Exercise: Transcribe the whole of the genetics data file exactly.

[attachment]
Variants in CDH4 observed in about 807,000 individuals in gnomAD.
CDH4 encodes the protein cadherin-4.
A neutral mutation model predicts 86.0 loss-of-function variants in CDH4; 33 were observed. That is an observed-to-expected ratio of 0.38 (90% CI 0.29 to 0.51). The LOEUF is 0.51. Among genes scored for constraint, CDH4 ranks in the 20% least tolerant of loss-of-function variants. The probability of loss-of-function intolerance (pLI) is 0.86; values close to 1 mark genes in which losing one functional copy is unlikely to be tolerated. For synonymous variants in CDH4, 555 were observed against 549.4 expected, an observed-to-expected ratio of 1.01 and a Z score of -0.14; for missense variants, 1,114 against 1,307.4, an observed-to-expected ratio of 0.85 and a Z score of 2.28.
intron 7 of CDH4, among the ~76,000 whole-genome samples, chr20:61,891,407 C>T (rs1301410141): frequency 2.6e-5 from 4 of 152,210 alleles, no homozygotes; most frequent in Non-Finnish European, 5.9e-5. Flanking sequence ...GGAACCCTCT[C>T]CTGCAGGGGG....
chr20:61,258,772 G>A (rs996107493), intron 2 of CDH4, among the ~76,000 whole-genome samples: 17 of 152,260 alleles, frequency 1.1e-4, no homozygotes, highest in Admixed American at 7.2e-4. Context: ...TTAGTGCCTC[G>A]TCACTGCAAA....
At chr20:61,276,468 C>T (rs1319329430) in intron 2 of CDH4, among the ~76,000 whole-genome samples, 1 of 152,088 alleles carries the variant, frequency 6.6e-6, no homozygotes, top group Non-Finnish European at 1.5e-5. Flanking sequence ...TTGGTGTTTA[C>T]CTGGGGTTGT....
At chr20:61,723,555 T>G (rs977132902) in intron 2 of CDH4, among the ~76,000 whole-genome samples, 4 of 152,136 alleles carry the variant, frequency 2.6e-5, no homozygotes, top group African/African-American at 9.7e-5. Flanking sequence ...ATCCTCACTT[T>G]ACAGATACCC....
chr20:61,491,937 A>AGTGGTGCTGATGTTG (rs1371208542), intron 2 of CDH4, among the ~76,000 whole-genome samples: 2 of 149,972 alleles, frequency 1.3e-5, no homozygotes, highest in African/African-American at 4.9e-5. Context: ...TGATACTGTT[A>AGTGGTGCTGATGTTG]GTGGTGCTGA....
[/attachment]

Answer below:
Variants in CDH4 observed in about 807,000 individuals in gnomAD.
CDH4 encodes the protein cadherin-4.
A neutral mutation model predicts 86.0 loss-of-function variants in CDH4; 33 were observed. That is an observed-to-expected ratio of 0.38 (90% CI 0.29 to 0.51). The LOEUF is 0.51. Among genes scored for constraint, CDH4 ranks in the 20% least tolerant of loss-of-function variants. The probability of loss-of-function intolerance (pLI) is 0.86; values close to 1 mark genes in which losing one functional copy is unlikely to be tolerated. For synonymous variants in CDH4, 555 were observed against 549.4 expected, an observed-to-expected ratio of 1.01 and a Z score of -0.14; for missense variants, 1,114 against 1,307.4, an observed-to-expected ratio of 0.85 and a Z score of 2.28.
intron 7 of CDH4, among the ~76,000 whole-genome samples, chr20:61,891,407 C>T (rs1301410141): frequency 2.6e-5 from 4 of 152,210 alleles, no homozygotes; most frequent in Non-Finnish European, 5.9e-5. Flanking sequence ...GGAACCCTCT[C>T]CTGCAGGGGG....
chr20:61,258,772 G>A (rs996107493), intron 2 of CDH4, among the ~76,000 whole-genome samples: 17 of 152,260 alleles, frequency 1.1e-4, no homozygotes, highest in Admixed American at 7.2e-4. Context: ...TTAGTGCCTC[G>A]TCACTGCAAA....
At chr20:61,276,468 C>T (rs1319329430) in intron 2 of CDH4, among the ~76,000 whole-genome samples, 1 of 152,088 alleles carries the variant, frequency 6.6e-6, no homozygotes, top group Non-Finnish European at 1.5e-5. Flanking sequence ...TTGGTGTTTA[C>T]CTGGGGTTGT....
At chr20:61,723,555 T>G (rs977132902) in intron 2 of CDH4, among the ~76,000 whole-genome samples, 4 of 152,136 alleles carry the variant, frequency 2.6e-5, no homozygotes, top group African/African-American at 9.7e-5. Flanking sequence ...ATCCTCACTT[T>G]ACAGATACCC....
chr20:61,491,937 A>AGTGGTGCTGATGTTG (rs1371208542), intron 2 of CDH4, among the ~76,000 whole-genome samples: 2 of 149,972 alleles, frequency 1.3e-5, no homozygotes, highest in African/African-American at 4.9e-5. Context: ...TGATACTGTT[A>AGTGGTGCTGATGTTG]GTGGTGCTGA....